Sometimes a rumor would spread, “Warren Beatty is here.” And then you’d actually see Beatty or even Cary Grant and the owner at a table surrounded by women. In 1972 New York a movie star siting was huge.

The bartender as sex object hadn’t quite taken hold yet. Neither had the bartender as entrepreneur. I was making a hundred a night, which was a fortune for me and going home alone, which seemed only natural. But Patty wanted more. It was the first time I heard the expression “chump change.”

“This ain’t Con Ed,” he said.”We ain’t in this for thirty years and the gold watch.”

He had a motto for everything. “Swing in the cup, contract in the pocket.” The “swing” was what we stole through short ringing, short changing, stealing soft drinks, and that we shared. The “contract” was what we made from giving people free drinks and getting huge tips in return. And that we kept.

Patty was a local boy and had the “contracts”–cops and waiters, who came to see him. I was a West Sider and didn’t know anybody so he made more than me. But I was doing two hundred a night and at this rate would be able to quit and finish my Great American Novel.

It was strictly business between Patty and me. At closing he’d go off with his buddies. Drugs, especially cocaine, were still a secret passion in those days. I was never invited.

One Saturday night I noticed the owner at the end of the bar. He rarely came on the weekends, and when he did it was with a serious Hollywood crowd.

Patty came over to my sink. “They’ve got spotters on us tonight.”

The story came out while we were working. Somebody had gotten greedy. “Somebody’s killin’ the goose that lays the golden eggs,” he said. There had been shortages and now they were trying to catch the thieves.

Patty had spotted the spotters. It was a couple, man and woman, longhaired and tie-dyed up the gazoo. They came from an agency and, hard as they tried, they didn’t fit in.

“They have to work in pairs,” he said, “so they can both be witnesses in case there’s a criminal charge…They have to write down every time you do something for the same reason.”

It was scary. “Criminal charges?” I asked.

“I got a trick to beat it,” he said. “It’ll take balls, but it always works.”

Patty’s trick was simple. “Steal,” he said. “Steal right under their noses.”

“I don’t get it,” I said.

“Steal blatantly from them,” he said. “Short ring their drinks, short change ‘em, buy drinks back after the first. Steal all around ‘em. Be flagrant, pack it all in the cup until the money is flowing out of it…”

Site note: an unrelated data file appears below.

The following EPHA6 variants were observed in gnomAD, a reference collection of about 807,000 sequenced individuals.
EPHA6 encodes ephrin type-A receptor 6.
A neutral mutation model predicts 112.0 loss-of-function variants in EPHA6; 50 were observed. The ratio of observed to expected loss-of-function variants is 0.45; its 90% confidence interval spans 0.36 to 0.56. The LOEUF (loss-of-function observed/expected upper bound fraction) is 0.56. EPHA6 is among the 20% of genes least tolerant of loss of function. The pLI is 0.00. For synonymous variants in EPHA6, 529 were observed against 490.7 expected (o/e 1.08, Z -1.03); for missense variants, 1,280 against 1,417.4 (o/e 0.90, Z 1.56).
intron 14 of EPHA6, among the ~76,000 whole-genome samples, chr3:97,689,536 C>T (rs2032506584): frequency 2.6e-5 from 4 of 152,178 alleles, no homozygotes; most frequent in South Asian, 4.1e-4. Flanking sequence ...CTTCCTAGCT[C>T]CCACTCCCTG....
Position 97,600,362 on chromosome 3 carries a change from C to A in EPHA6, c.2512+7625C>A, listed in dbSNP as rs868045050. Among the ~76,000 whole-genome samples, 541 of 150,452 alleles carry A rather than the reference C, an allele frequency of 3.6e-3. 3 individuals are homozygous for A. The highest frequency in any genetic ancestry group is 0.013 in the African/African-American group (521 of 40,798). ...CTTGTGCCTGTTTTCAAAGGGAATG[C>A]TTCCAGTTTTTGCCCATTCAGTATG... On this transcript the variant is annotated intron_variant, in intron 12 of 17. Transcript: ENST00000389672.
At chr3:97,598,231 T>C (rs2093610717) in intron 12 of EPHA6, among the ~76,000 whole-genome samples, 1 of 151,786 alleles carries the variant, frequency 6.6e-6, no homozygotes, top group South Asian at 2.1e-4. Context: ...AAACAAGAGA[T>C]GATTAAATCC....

“How’s that gonna work?” I asked.

“Trust me” he said.

So I stole. The spotters were down at my end. They got so excited they almost spilled the drinks I bought for them. I was swinging, contracting, almost picking customers’ pockets. They took turns writing frantically under the bar. The girl would watch me and whisper to the guy while he wrote. Then he would watch in amazement and whisper to her.

At the other end Patty was “contracting” the whole bar, dropping tens and twenties in the cup, which was like millions in those days.

Every hour or two he would make change from the register to the cup, which was a big no no, and jam some bills in his pocket.

At closing I was counting the tips when I saw the head bartender and two big guys in the mirror.

Patty saw them, too, and rushed over, full of righteous indignation.

“Noah, how long I know you?” he said. “I don’t appreciate you putting spotters on me.”

Noah’s eyes narrowed. “What do you mean?”

“That couple of hooples at the other end,” he said. “I spotted them right away. I suppose now they’re gonna say we were stealin’ all night long, but we weren’t. We work clean, don”t we kid.”

“Clean,” I said, although you didn’t need a polygraph to see that I was lying.

Noah nodded to the two bruisers and they came behind the bar. “Those people were decoys, Patty. We knew you’d spot them. The real spotter was that Chinese chick, the one you kept buyin’ drinks for…”

“Hey, I’m allowed to get lucky, “Patty said.

“She’ll back up everything the other two say,” said Noah. “You’re out, Patty.”

They made us turn over our tip cup. The bruisers searched me up and down.

“Leave him cab fare,” Noah said.

Then we were out on the street. The Great American Novel was indefinitely postponed.

“That didn’t work,” I said.

“Don’t worry about it,” Patty said.

He ducked into a doorway and slipped off his shoes. There were two piles of bills in his socks, one for me.

“Actually, I got a new job, managing at Spaldeens,” he said.

Spaldeens was a newer, hipper place in the ’70′s. Patty was stepping up.

“Tonight was my last night so I figured I’d make a killing anyway,” he said.

I counted my money. Two hundred, what I always made…

“Now that I’m out of work, can you give me a job?” I asked.

“You kiddin’?” Patty laughed. “You’re a thief.”